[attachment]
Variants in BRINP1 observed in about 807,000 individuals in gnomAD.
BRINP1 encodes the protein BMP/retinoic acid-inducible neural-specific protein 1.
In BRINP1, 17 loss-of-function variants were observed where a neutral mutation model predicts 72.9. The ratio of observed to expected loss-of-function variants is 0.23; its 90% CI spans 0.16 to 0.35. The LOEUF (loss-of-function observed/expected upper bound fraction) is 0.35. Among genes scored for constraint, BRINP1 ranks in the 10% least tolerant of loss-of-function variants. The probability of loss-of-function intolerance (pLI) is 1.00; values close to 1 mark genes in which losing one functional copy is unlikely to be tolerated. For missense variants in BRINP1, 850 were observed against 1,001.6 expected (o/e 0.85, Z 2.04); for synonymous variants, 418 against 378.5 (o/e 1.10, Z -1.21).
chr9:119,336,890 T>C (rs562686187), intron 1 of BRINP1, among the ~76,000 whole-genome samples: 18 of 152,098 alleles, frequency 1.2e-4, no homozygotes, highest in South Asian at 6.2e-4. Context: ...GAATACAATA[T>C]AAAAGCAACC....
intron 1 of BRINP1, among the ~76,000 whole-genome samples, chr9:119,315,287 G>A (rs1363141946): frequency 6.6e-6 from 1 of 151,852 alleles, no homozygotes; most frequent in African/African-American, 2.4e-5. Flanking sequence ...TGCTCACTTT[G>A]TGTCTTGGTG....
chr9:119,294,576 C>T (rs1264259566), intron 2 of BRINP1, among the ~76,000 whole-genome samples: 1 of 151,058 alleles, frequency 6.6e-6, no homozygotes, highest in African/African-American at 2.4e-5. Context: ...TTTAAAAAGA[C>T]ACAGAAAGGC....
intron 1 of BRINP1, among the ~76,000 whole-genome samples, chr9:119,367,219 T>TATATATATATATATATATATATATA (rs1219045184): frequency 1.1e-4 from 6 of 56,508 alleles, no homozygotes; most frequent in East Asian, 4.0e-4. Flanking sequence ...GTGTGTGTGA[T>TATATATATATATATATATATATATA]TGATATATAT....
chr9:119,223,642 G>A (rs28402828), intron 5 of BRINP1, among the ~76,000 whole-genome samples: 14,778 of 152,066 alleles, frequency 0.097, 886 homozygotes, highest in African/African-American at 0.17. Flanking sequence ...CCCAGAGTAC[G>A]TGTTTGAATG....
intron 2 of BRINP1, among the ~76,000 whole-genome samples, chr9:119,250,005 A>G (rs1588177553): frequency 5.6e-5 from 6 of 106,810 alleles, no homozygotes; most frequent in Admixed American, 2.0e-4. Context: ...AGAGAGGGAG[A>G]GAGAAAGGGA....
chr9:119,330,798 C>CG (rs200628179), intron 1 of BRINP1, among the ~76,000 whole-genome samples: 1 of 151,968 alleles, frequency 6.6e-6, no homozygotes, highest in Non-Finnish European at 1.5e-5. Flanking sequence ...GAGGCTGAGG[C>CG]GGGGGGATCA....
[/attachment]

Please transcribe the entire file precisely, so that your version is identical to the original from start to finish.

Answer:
Variants in BRINP1 observed in about 807,000 individuals in gnomAD.
BRINP1 encodes the protein BMP/retinoic acid-inducible neural-specific protein 1.
In BRINP1, 17 loss-of-function variants were observed where a neutral mutation model predicts 72.9. The ratio of observed to expected loss-of-function variants is 0.23; its 90% CI spans 0.16 to 0.35. The LOEUF (loss-of-function observed/expected upper bound fraction) is 0.35. Among genes scored for constraint, BRINP1 ranks in the 10% least tolerant of loss-of-function variants. The probability of loss-of-function intolerance (pLI) is 1.00; values close to 1 mark genes in which losing one functional copy is unlikely to be tolerated. For missense variants in BRINP1, 850 were observed against 1,001.6 expected (o/e 0.85, Z 2.04); for synonymous variants, 418 against 378.5 (o/e 1.10, Z -1.21).
chr9:119,336,890 T>C (rs562686187), intron 1 of BRINP1, among the ~76,000 whole-genome samples: 18 of 152,098 alleles, frequency 1.2e-4, no homozygotes, highest in South Asian at 6.2e-4. Context: ...GAATACAATA[T>C]AAAAGCAACC....
intron 1 of BRINP1, among the ~76,000 whole-genome samples, chr9:119,315,287 G>A (rs1363141946): frequency 6.6e-6 from 1 of 151,852 alleles, no homozygotes; most frequent in African/African-American, 2.4e-5. Flanking sequence ...TGCTCACTTT[G>A]TGTCTTGGTG....
chr9:119,294,576 C>T (rs1264259566), intron 2 of BRINP1, among the ~76,000 whole-genome samples: 1 of 151,058 alleles, frequency 6.6e-6, no homozygotes, highest in African/African-American at 2.4e-5. Context: ...TTTAAAAAGA[C>T]ACAGAAAGGC....
intron 1 of BRINP1, among the ~76,000 whole-genome samples, chr9:119,367,219 T>TATATATATATATATATATATATATA (rs1219045184): frequency 1.1e-4 from 6 of 56,508 alleles, no homozygotes; most frequent in East Asian, 4.0e-4. Flanking sequence ...GTGTGTGTGA[T>TATATATATATATATATATATATATA]TGATATATAT....
chr9:119,223,642 G>A (rs28402828), intron 5 of BRINP1, among the ~76,000 whole-genome samples: 14,778 of 152,066 alleles, frequency 0.097, 886 homozygotes, highest in African/African-American at 0.17. Flanking sequence ...CCCAGAGTAC[G>A]TGTTTGAATG....
intron 2 of BRINP1, among the ~76,000 whole-genome samples, chr9:119,250,005 A>G (rs1588177553): frequency 5.6e-5 from 6 of 106,810 alleles, no homozygotes; most frequent in Admixed American, 2.0e-4. Context: ...AGAGAGGGAG[A>G]GAGAAAGGGA....
chr9:119,330,798 C>CG (rs200628179), intron 1 of BRINP1, among the ~76,000 whole-genome samples: 1 of 151,968 alleles, frequency 6.6e-6, no homozygotes, highest in Non-Finnish European at 1.5e-5. Flanking sequence ...GAGGCTGAGG[C>CG]GGGGGGATCA....